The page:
Resort Wear Trends

A style of clothing for affluent women who jet set to warm-weather climates post-Christmas, resort wear is in itself a fashion season. Spectacular destinations of the wealthy host champagne sipping water-side activities that requires donning the best of the best. Because if you’re someone, you’re wearing someone.

So what kind of apparel and swimwear is in store for 2017 resort wear?

The Lingerie Look
Sexy black lace swimwear, cover ups and resort apparel are said to rule the resort wear runway for 2017 collections. Think honeymoon meets yacht party, bring the bedroom to the beach. Opposite of the daringly sexy black lace look, you may see some white crochet swimsuits and cover ups as well. The trend is sexy peek-a-boo of skin for a demure feminine and more playful look. Festival Inspired
Festival wear, whether you love it or not, is not going anywhere. With Coachella, Stage Coach and new music festivals popping up all over the world, fashion is looking to cloth the celebrities who love festival music. The resort festival look is elevated with decorative fringe, Grecian goddess inspired straps, pretty palm tree prints, amethyst-colored tie dye that would make you reminiscence of that staple Farrah Fawcett hair, and rich feather prints for a Native American princess look. Festival swimwear pieces will look gorgeous at the pool, and even more so at the next music festival. Never grunge though. Only festival glam is acceptable.

Embellishments
Eye-catching, attention grabbing, glitz and glam. Resort wear and swimwear trends for 2017 are all about the embellishments. Think large jewel details and golden hardware that sparkle in the sun. Solid print bikinis need unique and stunning embellishments such as these to set them apart. The affluent never lead boring lives and their clothing reflect just that point. These luxury swimwear and apparel pieces are evocative of the finer things in life and meant to be pedigree proof. Getting Cheeky
Ladies and gentlemen, the cheeky bottom has arrived. The new swimsuit bottom trend will be a hybrid of the traditional bikini bottom and a thong-like look. Potentially scandalous in previous decades, this new bathing suit bottom is a new standard of bikini wear in an era of equal pay and titles. Fashion takes its cues from worldly headlines and happenings, and this trend is no different. The cheeky bikini bottom provides just enough coverage while simultaneously adding that alluring sex appeal to bring out the highest degree of confidence from every woman.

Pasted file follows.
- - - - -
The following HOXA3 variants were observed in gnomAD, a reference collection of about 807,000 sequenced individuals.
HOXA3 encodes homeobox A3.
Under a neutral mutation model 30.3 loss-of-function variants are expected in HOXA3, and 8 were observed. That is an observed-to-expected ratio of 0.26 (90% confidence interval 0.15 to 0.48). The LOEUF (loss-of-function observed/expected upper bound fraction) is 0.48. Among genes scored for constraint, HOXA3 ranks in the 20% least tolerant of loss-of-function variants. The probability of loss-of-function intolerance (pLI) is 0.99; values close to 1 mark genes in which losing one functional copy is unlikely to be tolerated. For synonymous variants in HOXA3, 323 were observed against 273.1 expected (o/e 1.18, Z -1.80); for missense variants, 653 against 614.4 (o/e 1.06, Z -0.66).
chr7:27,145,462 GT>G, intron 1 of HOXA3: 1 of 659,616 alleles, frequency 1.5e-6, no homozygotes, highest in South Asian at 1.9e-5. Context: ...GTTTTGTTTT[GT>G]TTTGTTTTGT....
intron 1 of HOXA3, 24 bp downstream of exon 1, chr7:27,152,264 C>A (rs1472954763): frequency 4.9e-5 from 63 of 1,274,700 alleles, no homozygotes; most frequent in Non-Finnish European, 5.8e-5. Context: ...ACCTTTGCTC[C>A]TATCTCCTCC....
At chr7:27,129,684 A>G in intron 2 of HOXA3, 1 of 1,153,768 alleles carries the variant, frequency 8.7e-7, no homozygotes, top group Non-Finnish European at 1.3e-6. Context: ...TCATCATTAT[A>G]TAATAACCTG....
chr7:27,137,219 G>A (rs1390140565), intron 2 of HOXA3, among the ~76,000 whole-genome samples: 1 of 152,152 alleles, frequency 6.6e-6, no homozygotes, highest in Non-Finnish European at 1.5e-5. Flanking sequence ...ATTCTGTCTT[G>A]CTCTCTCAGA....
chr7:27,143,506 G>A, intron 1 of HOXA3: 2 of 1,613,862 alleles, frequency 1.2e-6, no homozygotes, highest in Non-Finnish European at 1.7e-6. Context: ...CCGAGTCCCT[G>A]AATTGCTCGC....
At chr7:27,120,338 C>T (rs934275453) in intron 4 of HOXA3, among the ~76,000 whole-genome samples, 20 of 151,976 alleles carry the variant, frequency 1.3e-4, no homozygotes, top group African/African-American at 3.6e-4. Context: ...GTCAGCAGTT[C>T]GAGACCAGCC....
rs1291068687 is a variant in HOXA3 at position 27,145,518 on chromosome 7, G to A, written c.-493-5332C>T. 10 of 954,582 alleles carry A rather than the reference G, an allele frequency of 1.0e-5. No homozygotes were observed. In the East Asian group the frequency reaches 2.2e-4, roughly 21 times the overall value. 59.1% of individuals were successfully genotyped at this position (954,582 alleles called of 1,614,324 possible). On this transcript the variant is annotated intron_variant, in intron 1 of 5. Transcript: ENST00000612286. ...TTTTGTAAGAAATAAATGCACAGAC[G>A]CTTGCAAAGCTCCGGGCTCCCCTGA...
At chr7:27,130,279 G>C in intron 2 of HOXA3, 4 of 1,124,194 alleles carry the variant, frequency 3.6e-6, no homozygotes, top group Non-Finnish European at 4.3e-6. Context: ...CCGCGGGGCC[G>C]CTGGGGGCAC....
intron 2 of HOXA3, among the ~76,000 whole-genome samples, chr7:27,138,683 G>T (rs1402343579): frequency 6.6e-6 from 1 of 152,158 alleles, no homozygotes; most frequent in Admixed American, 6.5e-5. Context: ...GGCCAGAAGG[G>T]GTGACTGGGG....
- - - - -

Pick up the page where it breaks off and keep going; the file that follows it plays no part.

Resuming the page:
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National League Teams Already Have DH, So Why Wait?

After nearly fifty years, the experiment will finally be recognized as a success. Baseball Commissioner Rob Manfred has hinted that the designated hitter, which the New York Times once called a “gimmick,” will be used in the National League.

It was in 1973 that teams in the Junior Circuit elected to have another player hit for the pitcher, a concept that most considered a short term effort to increase offense. History was made that spring when Ron Bloomberg stepped to the plate for the Yankees to become the first DH ever.

The DH quickly became a valuable tool for American League clubs, who went on to win five of the next seven World Series. Although the DH was not used during the Fall Classic, one must admit that it certainly proved advantageous in several respects during the season.

Because they did not have to bat, the American League pitchers were better rested with fewer bumps and bruises than their National League counterparts. The A.L. managers had happier players, since each team had nine starters and thus increased playing time for everybody.

Now that the Commissioner has broached the idea of the DH across the board, players on the National League teams can look forward to similar happiness. Manfred declared that the DH in the National League could come as early as the 2017 season. bolder move would be to institute the DH this year, an idea which would intensify the season as well as increase what has been an embarrassing lack of offense over the past half decade. This would be particularly welcome now, since almost half of the teams in the N.L. find themselves in complete rebuilding mode.

Not only would using the DH help these clubs compete, but it would also increase fan interest during the rebuild. Most clubs already have players who fit the DH mold perfectly, and here is the list of those sluggers.

Braves: Nick Swisher

The veteran has been a clutch hitter with decent power and pop throughout his career, but he currently has no spot in Atlanta’s regular lineup.

Brewers: Jonathan Lucroy and Chris Carter

Having Lucroy in the lineup without having to catch every day would certainly increase his production and career. He has already had experience at first, so he could occasionally allow Carter to get a defensive rest without losing his turn in the order.

Cardinals: Matt Adams

Adams would be the perfect DH, especially against right handers. A bonus for St. Louis would be using Yadier Molina as the DH against lefties, thereby preserving his health for a postseason run.

Cubs: Kyle Schwarber and Jorge Soler

Schwarber’s struggles in left were apparent in the playoffs last year, as he had been catcher for most of his career. With the DH in play, he could still catch on occasion and allow Soler to rest defensively.

Diamondbacks: Yasmany Tomas

The International free agent still has no true defensive home after an entire year in Arizona. He would be the perfect fit as DH, almost the Big Papi of the N.L.